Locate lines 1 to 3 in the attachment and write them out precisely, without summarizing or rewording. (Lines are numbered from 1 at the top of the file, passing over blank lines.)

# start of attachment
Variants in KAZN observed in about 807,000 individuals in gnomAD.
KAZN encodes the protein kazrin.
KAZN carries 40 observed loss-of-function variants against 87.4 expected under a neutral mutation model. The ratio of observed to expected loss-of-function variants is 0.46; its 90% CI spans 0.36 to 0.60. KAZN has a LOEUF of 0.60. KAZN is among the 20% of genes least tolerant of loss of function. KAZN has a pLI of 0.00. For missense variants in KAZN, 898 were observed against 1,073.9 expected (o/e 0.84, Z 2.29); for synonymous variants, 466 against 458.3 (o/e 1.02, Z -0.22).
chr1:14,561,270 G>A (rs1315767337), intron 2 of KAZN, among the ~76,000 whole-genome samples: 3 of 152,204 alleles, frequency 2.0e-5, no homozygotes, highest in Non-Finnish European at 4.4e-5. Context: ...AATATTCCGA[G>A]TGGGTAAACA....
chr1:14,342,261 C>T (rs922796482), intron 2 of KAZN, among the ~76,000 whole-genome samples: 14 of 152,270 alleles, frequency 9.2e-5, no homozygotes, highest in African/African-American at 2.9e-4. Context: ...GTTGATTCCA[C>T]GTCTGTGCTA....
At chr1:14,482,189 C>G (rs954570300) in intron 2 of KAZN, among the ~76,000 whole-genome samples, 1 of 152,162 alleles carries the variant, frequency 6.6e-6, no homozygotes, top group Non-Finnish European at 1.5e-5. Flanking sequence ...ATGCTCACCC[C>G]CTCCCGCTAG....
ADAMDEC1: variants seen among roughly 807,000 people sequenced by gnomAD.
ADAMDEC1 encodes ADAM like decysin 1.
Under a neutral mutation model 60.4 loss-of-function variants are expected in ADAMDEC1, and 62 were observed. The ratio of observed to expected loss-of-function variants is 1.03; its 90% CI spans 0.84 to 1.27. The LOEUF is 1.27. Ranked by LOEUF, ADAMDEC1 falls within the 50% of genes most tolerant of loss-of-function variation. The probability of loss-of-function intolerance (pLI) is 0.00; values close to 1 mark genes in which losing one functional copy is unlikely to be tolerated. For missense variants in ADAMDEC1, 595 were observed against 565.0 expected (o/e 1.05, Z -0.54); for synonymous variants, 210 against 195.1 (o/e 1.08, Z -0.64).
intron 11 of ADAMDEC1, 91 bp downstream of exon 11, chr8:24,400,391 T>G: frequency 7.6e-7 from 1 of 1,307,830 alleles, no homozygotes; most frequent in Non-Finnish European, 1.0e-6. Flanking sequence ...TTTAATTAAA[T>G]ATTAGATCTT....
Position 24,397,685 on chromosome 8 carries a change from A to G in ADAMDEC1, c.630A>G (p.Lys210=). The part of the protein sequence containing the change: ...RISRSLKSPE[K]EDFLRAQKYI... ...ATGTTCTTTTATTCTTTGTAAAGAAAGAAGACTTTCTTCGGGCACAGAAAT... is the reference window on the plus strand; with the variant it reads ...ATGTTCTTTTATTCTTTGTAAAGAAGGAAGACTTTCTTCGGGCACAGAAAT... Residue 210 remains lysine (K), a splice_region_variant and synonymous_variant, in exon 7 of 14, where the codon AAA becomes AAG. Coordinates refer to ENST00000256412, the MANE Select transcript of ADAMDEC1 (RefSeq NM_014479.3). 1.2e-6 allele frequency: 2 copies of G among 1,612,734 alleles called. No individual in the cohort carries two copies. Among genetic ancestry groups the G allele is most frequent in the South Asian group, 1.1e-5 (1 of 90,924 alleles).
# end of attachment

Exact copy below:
Variants in KAZN observed in about 807,000 individuals in gnomAD.
KAZN encodes the protein kazrin.
KAZN carries 40 observed loss-of-function variants against 87.4 expected under a neutral mutation model. The ratio of observed to expected loss-of-function variants is 0.46; its 90% CI spans 0.36 to 0.60. KAZN has a LOEUF of 0.60. KAZN is among the 20% of genes least tolerant of loss of function. KAZN has a pLI of 0.00. For missense variants in KAZN, 898 were observed against 1,073.9 expected (o/e 0.84, Z 2.29); for synonymous variants, 466 against 458.3 (o/e 1.02, Z -0.22).